Media’s age-old problem of long payment terms is getting tougher for publishers to bear.
Through the first three weeks of April 2020, payment delays on invoices to publishers and media agencies have increased 20%, according to data collected by FastPay, which provides both invoice factoring and access to capital to media companies. Separate research conducted by Oarex, an invoice factoring firm that serves media companies, found that the number of firms that paid their invoices late rose 14.6%, to 55%, in the first quarter; Oarex’s research involved invoices sourced largely from publishers and media agencies.
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“Our receivables are normally at 58 days,” an executive at one large digital publisher said earlier this month. “It’s already at 78, and I fully expect it to go over 100.”
An executive at one digital publisher got an email late last month from one of its three largest advertisers saying that the advertiser’s payment terms were moving from from 60 days to 90 days because of disruptions related to working remotely.
That same month, the digital news site Inquisitr decided to terminate its relationship with an SSP after the SSP changed its payment terms from 30 days to 90 days.
“I’d sooner move to a similar paying rate partner with better terms,” CEO Dominick Miserandino said. “A jump like that might be a warning sign.”
Though publishers have little recourse, some have changed the tactics they use when talking to advertisers. Benjamin Cohen, the CEO of PinkNews, said that in March, his sales team told several advertisers that it would not turn ad campaigns on until the advertisers paid.
That strategy had to be applied selectively, Cohen said. But in circumstances where PinkNews was playing a key role in the advertiser’s plans, it proved successful.
“I’d love to say we could do that all the time,” Cohen said. “But we were careful about which clients we did that with.”
Dismaying as those numbers might be, they figure to get worse; both reports only reflect a couple weeks’ worth of the pandemic’s effects. Payment windows are liable to get longer and late payments should become more frequent. Oarex data finds that, on average, the payment terms are increasing 15-45 days from their current levels, Oarex CEO Hanna Kassis said.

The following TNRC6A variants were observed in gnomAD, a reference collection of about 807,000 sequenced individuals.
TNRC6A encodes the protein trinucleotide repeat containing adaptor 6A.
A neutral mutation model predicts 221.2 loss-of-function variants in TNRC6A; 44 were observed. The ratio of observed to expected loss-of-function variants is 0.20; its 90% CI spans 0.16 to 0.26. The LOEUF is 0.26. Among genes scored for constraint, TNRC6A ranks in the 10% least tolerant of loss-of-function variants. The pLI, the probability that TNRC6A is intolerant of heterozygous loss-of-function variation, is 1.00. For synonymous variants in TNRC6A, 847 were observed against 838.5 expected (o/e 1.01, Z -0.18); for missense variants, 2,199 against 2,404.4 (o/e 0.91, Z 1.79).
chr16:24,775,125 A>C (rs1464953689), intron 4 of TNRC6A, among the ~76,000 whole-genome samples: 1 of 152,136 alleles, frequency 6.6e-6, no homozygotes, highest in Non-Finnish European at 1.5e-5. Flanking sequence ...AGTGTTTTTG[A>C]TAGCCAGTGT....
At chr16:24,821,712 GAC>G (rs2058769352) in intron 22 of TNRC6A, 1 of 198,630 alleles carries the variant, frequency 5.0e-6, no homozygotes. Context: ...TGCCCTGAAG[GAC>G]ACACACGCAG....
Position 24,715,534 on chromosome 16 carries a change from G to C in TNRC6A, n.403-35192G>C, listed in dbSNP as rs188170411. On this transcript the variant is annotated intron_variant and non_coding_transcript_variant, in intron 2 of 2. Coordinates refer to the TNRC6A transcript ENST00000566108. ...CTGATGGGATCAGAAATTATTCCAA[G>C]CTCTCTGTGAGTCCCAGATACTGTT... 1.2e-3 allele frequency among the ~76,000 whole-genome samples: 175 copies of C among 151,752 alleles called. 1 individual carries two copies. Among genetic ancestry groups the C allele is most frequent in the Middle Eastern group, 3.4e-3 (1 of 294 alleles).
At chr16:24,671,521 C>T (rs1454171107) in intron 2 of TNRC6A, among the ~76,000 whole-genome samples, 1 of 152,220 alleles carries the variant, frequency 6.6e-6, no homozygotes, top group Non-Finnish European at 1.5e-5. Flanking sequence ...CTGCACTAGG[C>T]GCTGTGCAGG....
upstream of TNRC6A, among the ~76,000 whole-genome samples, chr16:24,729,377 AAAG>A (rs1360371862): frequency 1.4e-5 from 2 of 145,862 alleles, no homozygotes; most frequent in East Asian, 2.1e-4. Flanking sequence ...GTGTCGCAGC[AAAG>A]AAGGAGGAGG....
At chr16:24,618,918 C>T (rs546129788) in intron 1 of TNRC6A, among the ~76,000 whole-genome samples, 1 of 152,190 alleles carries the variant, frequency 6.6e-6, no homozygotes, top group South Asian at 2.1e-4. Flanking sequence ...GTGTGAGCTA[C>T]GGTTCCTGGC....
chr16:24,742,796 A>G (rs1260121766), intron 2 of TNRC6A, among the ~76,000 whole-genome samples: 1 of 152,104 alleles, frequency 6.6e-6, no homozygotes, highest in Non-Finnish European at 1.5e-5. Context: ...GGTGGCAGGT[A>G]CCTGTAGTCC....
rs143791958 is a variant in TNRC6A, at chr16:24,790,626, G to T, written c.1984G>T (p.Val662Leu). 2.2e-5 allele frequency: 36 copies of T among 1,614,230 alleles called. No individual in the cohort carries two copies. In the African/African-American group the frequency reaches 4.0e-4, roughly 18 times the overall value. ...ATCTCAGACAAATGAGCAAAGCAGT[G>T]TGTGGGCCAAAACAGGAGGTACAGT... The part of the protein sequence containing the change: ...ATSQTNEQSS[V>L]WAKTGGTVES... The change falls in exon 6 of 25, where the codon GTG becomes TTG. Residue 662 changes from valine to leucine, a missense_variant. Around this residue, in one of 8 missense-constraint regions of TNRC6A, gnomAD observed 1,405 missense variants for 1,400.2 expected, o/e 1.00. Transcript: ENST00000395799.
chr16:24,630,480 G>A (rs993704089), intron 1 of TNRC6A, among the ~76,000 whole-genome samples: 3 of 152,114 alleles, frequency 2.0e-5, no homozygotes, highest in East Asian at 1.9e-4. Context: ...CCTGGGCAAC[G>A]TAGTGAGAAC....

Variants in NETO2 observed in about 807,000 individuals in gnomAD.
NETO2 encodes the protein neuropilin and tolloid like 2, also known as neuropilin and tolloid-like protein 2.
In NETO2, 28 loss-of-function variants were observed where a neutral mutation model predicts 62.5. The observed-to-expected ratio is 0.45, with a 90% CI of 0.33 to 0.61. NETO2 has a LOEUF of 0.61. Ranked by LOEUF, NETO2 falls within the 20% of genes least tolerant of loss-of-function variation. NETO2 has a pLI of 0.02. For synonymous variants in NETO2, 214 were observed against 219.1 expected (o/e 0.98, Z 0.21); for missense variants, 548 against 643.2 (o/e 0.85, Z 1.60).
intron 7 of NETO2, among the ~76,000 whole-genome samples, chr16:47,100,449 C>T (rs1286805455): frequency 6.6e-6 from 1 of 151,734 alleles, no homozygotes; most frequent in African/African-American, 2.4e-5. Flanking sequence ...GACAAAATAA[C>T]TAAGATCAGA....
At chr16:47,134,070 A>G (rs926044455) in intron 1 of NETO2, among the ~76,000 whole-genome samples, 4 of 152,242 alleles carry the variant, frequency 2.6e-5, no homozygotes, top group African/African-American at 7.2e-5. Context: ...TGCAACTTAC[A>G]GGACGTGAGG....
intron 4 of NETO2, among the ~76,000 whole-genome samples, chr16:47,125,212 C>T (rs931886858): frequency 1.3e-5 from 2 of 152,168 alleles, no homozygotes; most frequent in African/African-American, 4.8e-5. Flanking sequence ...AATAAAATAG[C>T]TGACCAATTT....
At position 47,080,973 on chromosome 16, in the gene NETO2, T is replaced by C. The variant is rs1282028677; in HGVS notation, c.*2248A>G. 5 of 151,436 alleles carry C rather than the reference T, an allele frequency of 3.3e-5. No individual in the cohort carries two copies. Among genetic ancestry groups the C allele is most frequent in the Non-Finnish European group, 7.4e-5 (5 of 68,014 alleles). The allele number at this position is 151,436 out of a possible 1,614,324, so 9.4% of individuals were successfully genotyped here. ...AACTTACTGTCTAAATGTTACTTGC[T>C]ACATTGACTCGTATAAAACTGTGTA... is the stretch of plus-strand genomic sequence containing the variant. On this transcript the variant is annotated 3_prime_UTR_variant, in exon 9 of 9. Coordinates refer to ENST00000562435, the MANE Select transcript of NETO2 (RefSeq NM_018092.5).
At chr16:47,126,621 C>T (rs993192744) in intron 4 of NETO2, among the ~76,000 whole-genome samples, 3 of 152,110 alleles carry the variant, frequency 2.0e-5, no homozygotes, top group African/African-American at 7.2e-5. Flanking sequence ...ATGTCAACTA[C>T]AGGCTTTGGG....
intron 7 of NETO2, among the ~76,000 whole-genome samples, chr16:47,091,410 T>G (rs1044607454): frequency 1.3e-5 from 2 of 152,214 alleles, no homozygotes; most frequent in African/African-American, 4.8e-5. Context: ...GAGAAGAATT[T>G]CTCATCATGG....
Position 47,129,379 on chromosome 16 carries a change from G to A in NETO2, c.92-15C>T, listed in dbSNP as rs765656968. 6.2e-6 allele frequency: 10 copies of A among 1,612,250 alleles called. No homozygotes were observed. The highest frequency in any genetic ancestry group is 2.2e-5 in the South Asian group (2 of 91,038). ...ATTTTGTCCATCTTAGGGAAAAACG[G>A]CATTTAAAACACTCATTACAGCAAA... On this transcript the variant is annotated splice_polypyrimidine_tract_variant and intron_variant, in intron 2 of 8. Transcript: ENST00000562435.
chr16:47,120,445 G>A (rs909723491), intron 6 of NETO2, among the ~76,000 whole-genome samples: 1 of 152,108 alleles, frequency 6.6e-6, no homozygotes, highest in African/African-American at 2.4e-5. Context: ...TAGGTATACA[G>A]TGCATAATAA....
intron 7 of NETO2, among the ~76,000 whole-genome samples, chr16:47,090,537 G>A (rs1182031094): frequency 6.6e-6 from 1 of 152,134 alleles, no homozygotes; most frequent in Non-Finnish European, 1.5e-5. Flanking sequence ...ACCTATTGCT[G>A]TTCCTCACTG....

“We expect a lot of companies that didn’t publicly extend their payment terms to start paying really late [in the second quarter],” Kassis added. “We’re going to see a lot more late payments.”
The uptick in late payments are being driven by a number of things. Companies that furloughed or laid off workers are now operating more slowly, as diminished staffs try to pick up slack, said Secil Baysal, the president and chief operating officer of FastPay. That dynamic has worsened with everybody working from home, Baysal added.
The longer payment windows are likely the result of more companies trying to hold onto cash as long as possible, hoping that the arrival of the third quarter, when the economy could be running more smoothly, bringing some relief to their businesses.
“If you can survive these three, four months, you’re fine,” Kassis said, pointing out that a number of major media events, ranging from Amazon Prime Day to the start of the NFL season, all begin in the third quarter. “The only way to do that is to extend your terms.”
Yet the lengths of the payment terms that some invoices are stretching out to have begun to strain credulity, even by media standards.
“In normal times, 120-plus days would be common,” Baysal said. “140, 150 days is within the range we’re seeing more now.”
Though these kinds of developments are good for business — FastPay has already seen a 277% increase in capital requests this month — and Baysal expects payments to continue slowing over the next few months, he said there may come a point where extending windows much further could become “untenable.”
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